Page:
Annotations for Heart of Darkness : Unraveling the Mysteries of the Invisible Universe
Baker & Taylor
Describes humankind's quest to unravel the deepest secrets of the universe.
Baker & Taylor
Surveys humanity's accomplishments in understanding the universe from the days of Copernicus to current ideas on dark matter and dark energy.
This book is essentially a history of cosmology that spans the earliest efforts of the ancient Greeks through to Copernicus and Galileo, Einstein's theory of relativity, quantum theory and finally modern times. The second half of the book concerns ongoing questions: the roles of dark matter and dark energy; the rapid inflationary expansion of the early universe; the origins of the elements; and the origins, structure, and ultimate fate of the universe. It takes the reader into late 20th and early 21st century attempts to understand these phenomena and some of the technologies needed to investigate them such as the Cosmic Background Explorer (COBE) and Wilkinson Microwave Anisotropy Probe (WMAP) probes. There is a strong emphasis throughout the book on the need for science, particularly cosmology, to stay focused on empirical data gathering, the construction of theoretical frameworks, and the creation of testable theories. This latter element is a special challenge for cosmologies, though supercomputer simulation can be a helpful tool when direct observation is not possible. Though written primarily for the scientific-minded layman there are two short appendices that provide a more detailed and mathematical formalism than the main text. There is a mix of color and b&w figures throughout the book and a helpful glossary of terms near the end. Annotation ©2013 Book News, Inc., Portland, OR (booknews.com)
Princeton University Press
Heart of Darkness describes the incredible saga of humankind's quest to unravel the deepest secrets of the universe. Over the past thirty years, scientists have learned that two little-understood components--dark matter and dark energy--comprise most of the known cosmos, explain the growth of all cosmic structure, and hold the key to the universe's fate. The story of how evidence for the so-called "Lambda-Cold Dark Matter" model of cosmology has been gathered by generations of scientists throughout the world is told here by one of the pioneers of the field, Jeremiah Ostriker, and his coauthor Simon Mitton.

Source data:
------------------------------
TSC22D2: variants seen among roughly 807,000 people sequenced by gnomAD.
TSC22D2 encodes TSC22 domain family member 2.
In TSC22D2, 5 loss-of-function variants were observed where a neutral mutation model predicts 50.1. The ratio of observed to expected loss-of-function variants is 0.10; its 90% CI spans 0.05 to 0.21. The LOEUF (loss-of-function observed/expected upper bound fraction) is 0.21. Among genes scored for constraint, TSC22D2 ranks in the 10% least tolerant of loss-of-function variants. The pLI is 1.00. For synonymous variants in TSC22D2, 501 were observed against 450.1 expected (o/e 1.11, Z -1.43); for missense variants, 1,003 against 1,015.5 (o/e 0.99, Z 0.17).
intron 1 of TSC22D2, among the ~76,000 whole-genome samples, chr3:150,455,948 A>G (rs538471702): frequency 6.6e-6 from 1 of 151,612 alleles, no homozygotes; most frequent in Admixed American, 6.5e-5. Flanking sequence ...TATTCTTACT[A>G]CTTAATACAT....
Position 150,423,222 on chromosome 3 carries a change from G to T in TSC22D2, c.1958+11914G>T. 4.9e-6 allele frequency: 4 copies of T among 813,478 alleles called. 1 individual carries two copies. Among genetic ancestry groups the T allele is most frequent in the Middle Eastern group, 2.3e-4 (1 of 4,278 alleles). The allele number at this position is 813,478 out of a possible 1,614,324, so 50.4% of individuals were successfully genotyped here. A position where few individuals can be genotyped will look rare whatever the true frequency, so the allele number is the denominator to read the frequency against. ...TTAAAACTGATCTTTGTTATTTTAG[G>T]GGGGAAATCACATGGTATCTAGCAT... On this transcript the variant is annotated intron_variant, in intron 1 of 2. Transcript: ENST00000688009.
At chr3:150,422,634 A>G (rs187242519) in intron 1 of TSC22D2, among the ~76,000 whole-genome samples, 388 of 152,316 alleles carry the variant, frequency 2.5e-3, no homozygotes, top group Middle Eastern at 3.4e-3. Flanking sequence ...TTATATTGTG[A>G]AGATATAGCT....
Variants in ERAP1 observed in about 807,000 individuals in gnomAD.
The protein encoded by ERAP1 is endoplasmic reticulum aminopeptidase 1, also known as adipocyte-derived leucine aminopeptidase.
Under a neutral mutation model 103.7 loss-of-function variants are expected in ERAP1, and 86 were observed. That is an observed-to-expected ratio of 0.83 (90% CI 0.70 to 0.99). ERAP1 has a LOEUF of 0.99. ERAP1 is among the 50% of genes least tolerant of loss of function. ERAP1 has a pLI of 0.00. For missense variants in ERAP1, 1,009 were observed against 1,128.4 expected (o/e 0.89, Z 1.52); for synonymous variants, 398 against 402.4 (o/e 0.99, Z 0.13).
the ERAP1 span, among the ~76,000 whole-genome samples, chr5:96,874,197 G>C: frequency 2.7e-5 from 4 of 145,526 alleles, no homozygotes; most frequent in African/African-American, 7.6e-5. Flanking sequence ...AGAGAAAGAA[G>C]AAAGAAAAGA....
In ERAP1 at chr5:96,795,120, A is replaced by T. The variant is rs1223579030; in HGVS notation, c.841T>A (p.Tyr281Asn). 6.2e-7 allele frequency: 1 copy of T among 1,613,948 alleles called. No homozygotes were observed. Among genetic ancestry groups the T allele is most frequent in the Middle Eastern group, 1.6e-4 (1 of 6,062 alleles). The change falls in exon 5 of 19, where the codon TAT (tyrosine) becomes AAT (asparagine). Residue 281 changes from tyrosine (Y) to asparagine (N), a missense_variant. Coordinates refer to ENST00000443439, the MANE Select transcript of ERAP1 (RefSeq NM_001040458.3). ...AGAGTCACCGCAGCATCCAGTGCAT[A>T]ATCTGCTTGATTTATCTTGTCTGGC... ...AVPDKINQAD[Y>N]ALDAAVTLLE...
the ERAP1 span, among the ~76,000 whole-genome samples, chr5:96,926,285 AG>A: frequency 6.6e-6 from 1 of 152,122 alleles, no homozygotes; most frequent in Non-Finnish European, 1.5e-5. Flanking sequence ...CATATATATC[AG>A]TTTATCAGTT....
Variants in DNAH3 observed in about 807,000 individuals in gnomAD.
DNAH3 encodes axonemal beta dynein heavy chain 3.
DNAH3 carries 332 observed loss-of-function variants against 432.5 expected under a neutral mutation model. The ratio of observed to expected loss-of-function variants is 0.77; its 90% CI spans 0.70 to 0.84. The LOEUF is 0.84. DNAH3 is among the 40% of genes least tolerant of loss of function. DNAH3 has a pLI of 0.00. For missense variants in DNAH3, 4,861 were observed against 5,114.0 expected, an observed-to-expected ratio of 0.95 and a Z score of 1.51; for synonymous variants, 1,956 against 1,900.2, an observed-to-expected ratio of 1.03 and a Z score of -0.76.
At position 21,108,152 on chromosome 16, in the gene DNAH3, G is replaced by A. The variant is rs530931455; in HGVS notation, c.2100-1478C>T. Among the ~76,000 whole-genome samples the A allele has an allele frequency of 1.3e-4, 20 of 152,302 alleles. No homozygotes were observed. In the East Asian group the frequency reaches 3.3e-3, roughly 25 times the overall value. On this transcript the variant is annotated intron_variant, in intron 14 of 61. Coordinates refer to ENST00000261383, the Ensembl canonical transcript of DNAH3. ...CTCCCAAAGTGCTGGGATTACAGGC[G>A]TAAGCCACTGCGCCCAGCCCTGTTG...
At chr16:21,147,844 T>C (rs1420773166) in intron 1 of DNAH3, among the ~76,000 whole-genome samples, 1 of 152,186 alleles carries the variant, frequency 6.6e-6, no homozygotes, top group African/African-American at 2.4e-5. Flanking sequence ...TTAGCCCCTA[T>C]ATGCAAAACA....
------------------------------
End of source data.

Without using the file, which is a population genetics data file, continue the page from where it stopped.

From humankind's early attempts to comprehend Earth's place in the solar system, to astronomers' exploration of the Milky Way galaxy and the realm of the nebulae beyond, to the detection of the primordial fluctuations of energy from which all subsequent structure developed, this book explains the physics and the history of how the current model of our universe arose and has passed every test hurled at it by the skeptics. Throughout this rich story, an essential theme is emphasized: how three aspects of rational inquiry--the application of direct measurement and observation, the introduction of mathematical modeling, and the requirement that hypotheses should be testable and verifiable--guide scientific progress and underpin our modern cosmological paradigm.
This monumental puzzle is far from complete, however, as scientists confront the mysteries of the ultimate causes of cosmic structure formation and the real nature and origin of dark matter and dark energy.